Expat Voices: Vanessa Rocchetta on living in Alicante

Expat Voices: Vanessa Rocchetta on living in Alicante

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Seven years on, British expat Vanessa now knows why vegetables are rarely served during meals and where to seek refuge in the heat of the summer.

Name: Vanessa Rocchetta
Nationality: British
City of residence: Elche, Alicante
Date of birth: 08.04.1953
Civil status: Married
Occupation: Part-time teacher/ retired
Reason for moving to Spain: To start a new life
Lived in Spain since: 2001

What was your first impression of Spain?
We were at the Costa Blanca so there was a holiday atmosphere. I remember the markets with a huge range of fruit and vegetables, and the smell of orange blossoms. We stood on the wide sandy beach at Guardamar and thought: “Yes, we could live here.”

What do you think of Spanish food?
Spain is a large country with quite a variety of regional cuisine. Where we live, rice and paella is king. Most of the time, we eat menu Del Dia at lunchtime which is a cheap meal (between EUR 7 and EUR 15 for a 3-course meal with wine and water).  

Brits always complain about a lack of vegetables. I was told that this originates from the time of Franco when meat was in short supply; it is considered bad form to give people more vegetables than meat. Ask for verduras ‘a la plancha’ if you want more vegetables.

What do you think of the shopping in Spain?
When I first came I felt starved of shops, especially department stores. There were only British shops where I could buy Branson pickle and mince pies at Christmas. The only department store was El Corte Ingles in Alicante.  

Seven years later there is a wealth of shops selling British products; if you want you can get scones and clotted cream. El Corte Ingles is still the only department store (I don’t understand their monopoly) but now I have one in Elche. The many commercial centres are a great place to go to cool down for an hour or so in the summer.  

What do you appreciate most about living in Spain?
I live 15 minutes from the Urbanization which is mainly British; the same distance from Elche town centre which is definitely Spanish. I can dip my toes in both cultures. The other Brits are all my age and older and there is a terrific range of clubs and activities you can participate in - from aerobics to yachting.

What do you find most frustrating about living in Spain?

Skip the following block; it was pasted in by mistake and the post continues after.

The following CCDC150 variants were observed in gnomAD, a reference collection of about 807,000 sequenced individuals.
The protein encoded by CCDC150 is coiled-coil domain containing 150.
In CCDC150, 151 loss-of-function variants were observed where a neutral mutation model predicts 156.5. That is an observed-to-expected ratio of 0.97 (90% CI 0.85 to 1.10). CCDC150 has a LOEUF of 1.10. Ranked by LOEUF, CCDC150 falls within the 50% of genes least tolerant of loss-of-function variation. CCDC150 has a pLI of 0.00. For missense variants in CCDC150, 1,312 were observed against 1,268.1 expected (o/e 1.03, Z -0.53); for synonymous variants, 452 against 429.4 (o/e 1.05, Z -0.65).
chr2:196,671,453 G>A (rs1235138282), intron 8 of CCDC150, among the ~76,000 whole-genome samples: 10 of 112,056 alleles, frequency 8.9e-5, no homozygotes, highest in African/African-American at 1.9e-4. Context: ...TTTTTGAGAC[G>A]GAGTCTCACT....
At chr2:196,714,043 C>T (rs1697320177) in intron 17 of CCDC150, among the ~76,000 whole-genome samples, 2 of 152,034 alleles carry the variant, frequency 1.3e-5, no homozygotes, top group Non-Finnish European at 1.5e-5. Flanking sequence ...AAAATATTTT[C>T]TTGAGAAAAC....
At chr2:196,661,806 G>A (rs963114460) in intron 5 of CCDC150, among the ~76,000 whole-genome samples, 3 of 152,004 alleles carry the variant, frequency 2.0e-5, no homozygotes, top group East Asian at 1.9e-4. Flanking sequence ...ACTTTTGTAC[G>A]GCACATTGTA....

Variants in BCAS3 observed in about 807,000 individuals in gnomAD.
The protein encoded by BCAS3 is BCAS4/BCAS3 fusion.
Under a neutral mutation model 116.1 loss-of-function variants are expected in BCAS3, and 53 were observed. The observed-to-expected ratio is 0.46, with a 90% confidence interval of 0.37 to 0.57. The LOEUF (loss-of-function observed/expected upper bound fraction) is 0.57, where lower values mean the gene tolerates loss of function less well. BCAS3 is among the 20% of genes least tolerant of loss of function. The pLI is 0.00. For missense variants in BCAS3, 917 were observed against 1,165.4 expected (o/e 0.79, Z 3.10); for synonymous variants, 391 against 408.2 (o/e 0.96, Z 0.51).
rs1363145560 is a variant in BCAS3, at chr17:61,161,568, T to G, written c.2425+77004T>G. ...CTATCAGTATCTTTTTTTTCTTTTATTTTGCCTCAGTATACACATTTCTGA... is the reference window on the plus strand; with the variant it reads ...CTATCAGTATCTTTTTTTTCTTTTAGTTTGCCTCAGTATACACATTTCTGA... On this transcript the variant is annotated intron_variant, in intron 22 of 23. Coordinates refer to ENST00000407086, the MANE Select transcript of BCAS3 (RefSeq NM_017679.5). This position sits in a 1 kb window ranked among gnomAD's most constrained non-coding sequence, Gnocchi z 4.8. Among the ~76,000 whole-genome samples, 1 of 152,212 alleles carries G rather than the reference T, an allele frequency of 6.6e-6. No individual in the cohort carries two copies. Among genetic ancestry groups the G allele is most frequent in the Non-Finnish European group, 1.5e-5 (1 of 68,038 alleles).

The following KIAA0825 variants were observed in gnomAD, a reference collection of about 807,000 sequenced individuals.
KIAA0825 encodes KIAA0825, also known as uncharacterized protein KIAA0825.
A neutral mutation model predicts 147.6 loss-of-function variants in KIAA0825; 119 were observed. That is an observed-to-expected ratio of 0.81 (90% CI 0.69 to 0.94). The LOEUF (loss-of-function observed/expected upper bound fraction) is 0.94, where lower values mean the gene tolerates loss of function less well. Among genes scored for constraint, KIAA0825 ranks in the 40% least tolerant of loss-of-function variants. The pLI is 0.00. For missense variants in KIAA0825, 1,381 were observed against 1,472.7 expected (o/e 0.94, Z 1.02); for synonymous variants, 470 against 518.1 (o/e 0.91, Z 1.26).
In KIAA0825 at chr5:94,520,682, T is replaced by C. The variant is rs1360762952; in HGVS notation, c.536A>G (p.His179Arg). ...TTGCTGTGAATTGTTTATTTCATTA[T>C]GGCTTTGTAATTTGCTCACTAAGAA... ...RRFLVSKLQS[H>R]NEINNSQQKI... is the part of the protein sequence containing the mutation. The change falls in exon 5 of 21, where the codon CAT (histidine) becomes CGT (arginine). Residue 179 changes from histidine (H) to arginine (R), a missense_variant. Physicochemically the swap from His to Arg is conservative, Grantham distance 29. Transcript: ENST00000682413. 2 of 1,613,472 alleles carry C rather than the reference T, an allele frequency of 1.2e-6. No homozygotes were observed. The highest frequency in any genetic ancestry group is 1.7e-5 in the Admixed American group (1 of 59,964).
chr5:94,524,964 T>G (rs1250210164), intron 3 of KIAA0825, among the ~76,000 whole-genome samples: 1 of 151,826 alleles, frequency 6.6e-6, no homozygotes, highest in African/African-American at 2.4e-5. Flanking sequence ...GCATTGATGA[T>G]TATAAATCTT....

Before I moved to Spain I never appreciated the library. Although it is fairly easy to get novels here and we exchange books with other expats, non-fiction and classic books are hard to find.   

Amazon is great and I am starting to discover e-books but nothing beats browsing through a few volumes in a secondhand book shop.

Oh yes, the slow pace of Spanish beaurocracy. We have been waiting a year for planning permission to come through for a pair of automatic gates for the drive.  

What puzzles you about Spanish culture and what do you miss since you’ve moved here?
I am friends with several Spanish women and they have visited us at home but I have never received an invitation to their homes – it appears you have to know them very well for this to happen.

I miss the variety of trees (here they are mainly pines and palms) and friends.

How does the quality of life in Spain compare to the quality of life in other countries that you’ve lived in?
The quality of life is good compared to the UK.

If you could change anything about Spain, what would it be?
The mosquitoes, we live near a wetland and a canal; when they are bad they are the blight of my life.

What advice would you give to a newcomer?
Before buying, check out your situation as much as possible. We used a Spanish solicitor appointed by a British firm. It is impossible to know everything. We visited our property three times in October and November and the mosquitoes weren’t a problem.

Try and be patient in queues and shops. You are no longer in a hurry. Go with the flow.

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